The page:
Pathogens & viruses – Pathogens (disease causing microorganisms) originate from untreated or inadequately treated human sewage and wild and domestic animal waste. Refer to the Cayuga Lake Preliminary Watershed Characterization Sections 3.11, 3.12, 3.13 and 4.3.3.7 and Chapter 6 or the Cayuga Lake Preliminary Watershed Characterization Executive pages 18 and 20.

See also Nutrient Loading

Sediment loading (including siltation and streambank/roadbank erosion) – This is the main water quality issue in the Cayuga Lake Watershed.  Some of which is natural, much of which is related to land use (e.g. devegetation, grazing (especially along streams), stormwater along impervious services, road ditch maintenance, and development activity). The sediment from erosion is notable both from the sediment itself and the potential sources of contamination locked up within the sediment.  Refer to the RPP Stormwater Management and Erosion Control section.

Stormwater runoff (including impervious surfaces and roadside ditches) – which carries many nonpoint source pollutants. Refer to the Cayuga Lake Preliminary Watershed Characterization 3.1, 3.2, 3.4 and 3.12 and Chapter 6, the Cayuga Lake Preliminary Watershed Characterization Executive Summary pages 10, 11, 18-20, and the RPP Stormwater Management and Erosion Control section.

Tourism and other economic development – Tourism account for a large portion of the economic activity in the Finger Lakes Region. Refer to the Cayuga Lake Preliminary Watershed Characterization Section 2.13 or the Cayuga Lake Preliminary Watershed Characterization Executive Summary page 14.

Waste water and wastewater treatment plants

Sewage smell and bacteria – Most of the Watershed uses on-site systems with many of the more densely populated areas on sewer systems with sewage treatment plants (STPs) the discharge of which are permitted through the NYSDEC. While the loading of the Lake and tributaries by this discharge has declined in recent years, STPs still account for fairly high percent of loading. For more information refer to the Cayuga Lake Preliminary Watershed Characterization Sections 3.11 and 4.2.4 and Chapter 6 or the Cayuga Lake Preliminary Watershed Characterization Executive Summary pages 12 and 13 and the Wastewater Management section of the RPP.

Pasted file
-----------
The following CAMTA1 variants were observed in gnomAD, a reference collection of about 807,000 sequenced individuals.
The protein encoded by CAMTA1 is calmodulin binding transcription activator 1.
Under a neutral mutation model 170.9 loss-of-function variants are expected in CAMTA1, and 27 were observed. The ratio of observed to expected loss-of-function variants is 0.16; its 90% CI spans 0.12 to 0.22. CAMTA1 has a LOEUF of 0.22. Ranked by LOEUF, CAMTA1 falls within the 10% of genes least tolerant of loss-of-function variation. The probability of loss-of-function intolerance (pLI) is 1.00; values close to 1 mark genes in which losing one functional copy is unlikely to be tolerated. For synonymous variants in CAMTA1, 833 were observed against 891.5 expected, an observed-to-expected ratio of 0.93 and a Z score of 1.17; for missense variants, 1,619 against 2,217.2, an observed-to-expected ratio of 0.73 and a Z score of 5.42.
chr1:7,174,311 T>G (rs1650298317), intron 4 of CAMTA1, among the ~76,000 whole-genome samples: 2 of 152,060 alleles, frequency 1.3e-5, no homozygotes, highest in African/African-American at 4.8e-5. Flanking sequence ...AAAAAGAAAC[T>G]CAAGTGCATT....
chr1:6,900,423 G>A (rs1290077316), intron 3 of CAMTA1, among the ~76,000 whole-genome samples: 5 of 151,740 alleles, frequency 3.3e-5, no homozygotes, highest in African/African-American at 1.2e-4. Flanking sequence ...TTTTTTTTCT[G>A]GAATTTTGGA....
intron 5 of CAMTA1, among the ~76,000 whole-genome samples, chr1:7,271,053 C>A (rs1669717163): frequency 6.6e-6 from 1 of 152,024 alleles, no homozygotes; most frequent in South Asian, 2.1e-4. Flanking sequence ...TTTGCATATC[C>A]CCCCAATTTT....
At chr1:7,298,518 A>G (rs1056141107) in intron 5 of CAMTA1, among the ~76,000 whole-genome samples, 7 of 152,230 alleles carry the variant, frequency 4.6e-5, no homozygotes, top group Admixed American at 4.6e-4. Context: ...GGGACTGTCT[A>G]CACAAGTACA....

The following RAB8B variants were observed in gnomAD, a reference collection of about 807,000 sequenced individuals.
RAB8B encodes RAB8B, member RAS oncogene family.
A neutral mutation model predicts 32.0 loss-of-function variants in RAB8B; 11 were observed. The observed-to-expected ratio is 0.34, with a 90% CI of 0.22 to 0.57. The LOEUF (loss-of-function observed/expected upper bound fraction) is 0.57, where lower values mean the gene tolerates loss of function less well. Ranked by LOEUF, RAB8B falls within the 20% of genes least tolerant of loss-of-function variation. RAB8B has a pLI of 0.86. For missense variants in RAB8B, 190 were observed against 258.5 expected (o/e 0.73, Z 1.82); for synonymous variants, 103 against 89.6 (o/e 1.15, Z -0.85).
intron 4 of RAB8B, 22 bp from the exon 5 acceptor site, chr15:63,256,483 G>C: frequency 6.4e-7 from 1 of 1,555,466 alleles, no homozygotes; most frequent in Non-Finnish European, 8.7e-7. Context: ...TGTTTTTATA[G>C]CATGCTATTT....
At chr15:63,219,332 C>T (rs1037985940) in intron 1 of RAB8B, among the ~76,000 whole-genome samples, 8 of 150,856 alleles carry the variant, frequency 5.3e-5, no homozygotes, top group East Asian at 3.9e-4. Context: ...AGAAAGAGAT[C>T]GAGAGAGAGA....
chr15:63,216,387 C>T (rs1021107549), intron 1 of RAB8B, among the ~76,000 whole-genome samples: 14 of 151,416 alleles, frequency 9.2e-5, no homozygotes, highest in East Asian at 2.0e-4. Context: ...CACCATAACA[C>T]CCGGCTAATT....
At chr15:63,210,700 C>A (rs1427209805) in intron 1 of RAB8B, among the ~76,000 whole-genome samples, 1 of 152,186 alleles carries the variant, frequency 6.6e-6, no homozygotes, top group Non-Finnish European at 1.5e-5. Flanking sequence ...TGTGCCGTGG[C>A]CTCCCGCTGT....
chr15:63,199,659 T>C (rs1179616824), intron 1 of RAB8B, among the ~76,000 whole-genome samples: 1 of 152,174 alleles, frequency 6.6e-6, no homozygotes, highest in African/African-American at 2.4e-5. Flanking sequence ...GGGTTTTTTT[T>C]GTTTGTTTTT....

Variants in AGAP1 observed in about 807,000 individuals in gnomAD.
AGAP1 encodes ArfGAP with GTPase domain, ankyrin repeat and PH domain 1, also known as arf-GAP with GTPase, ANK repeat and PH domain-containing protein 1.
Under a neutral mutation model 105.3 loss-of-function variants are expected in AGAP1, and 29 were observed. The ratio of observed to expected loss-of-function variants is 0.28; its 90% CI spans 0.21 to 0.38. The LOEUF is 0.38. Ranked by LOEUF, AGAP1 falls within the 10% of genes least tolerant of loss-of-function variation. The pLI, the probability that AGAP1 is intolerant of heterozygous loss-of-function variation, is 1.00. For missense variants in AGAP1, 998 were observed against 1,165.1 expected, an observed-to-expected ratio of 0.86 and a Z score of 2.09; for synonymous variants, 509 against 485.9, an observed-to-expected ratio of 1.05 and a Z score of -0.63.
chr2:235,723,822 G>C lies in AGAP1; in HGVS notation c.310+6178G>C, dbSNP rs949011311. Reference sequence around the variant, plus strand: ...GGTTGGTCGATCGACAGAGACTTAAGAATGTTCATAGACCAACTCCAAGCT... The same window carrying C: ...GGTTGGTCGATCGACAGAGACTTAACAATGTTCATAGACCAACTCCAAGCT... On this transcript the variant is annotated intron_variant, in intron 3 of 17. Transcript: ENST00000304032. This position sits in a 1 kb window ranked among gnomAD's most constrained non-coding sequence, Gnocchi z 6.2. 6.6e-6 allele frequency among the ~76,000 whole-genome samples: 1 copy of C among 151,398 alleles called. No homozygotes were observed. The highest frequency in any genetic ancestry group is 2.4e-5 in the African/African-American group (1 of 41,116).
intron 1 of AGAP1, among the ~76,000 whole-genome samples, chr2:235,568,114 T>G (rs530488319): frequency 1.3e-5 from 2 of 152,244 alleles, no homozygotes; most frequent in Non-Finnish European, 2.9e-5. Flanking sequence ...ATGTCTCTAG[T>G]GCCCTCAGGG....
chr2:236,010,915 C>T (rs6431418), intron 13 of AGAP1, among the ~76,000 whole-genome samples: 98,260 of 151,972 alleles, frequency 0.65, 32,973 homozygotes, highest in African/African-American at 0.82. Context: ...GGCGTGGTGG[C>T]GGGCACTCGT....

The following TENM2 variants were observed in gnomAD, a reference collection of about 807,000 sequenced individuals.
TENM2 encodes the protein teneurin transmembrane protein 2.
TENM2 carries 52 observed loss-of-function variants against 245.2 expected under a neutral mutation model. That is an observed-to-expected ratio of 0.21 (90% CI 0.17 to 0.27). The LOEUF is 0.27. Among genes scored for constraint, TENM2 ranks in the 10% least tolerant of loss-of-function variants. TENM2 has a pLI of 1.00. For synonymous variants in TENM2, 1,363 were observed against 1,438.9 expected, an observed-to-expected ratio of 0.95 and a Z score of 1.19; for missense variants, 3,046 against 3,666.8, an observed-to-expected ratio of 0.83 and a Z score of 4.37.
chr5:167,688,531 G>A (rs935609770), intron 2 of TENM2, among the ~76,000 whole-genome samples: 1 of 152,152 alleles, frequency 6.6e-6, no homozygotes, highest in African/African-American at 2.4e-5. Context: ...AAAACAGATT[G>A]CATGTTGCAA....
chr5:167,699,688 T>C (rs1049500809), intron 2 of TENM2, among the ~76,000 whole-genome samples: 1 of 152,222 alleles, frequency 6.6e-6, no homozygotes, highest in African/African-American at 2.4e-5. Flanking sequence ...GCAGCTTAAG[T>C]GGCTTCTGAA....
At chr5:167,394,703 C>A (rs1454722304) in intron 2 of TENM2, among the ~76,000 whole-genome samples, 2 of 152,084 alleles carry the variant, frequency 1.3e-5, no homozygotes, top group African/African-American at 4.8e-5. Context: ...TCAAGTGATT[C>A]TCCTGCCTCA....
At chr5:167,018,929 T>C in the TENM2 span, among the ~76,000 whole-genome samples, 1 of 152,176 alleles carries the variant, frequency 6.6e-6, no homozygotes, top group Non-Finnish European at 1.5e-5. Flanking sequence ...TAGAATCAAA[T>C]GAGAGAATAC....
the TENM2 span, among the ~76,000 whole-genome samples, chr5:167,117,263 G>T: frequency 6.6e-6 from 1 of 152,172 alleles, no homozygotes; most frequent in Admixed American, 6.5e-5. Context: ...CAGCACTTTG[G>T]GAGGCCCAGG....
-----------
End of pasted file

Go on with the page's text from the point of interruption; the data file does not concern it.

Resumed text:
Pathogens & viruses – Pathogens (disease causing microorganisms) originate from untreated or inadequately treated human sewage and wild and domestic animal waste. Refer to the Cayuga Lake Preliminary Watershed Characterization Sections 3.11, 3.12, 3.13 and 4.3.3.7 and Chapter 6 or the Cayuga Lake Preliminary Watershed Characterization Executive Summary pages 18 and 20.

See also Nutrient Loading

See also RPP Wastewater Systems Management

Water quantity – Cayuga Lake provides for many uses which includes its highest use as a drinking water supply.  Refer to the ranked list of water quality issues provided in the Water Quality Issues section of Chapter II.

Water quality standards - Refer to the Cayuga Lake Preliminary Watershed Characterization Section 4.3.4.

Return to Prioritized Issues

Return to Water Quality Status, Water Quality Issues And Areas Of Concern

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CLW IO 2004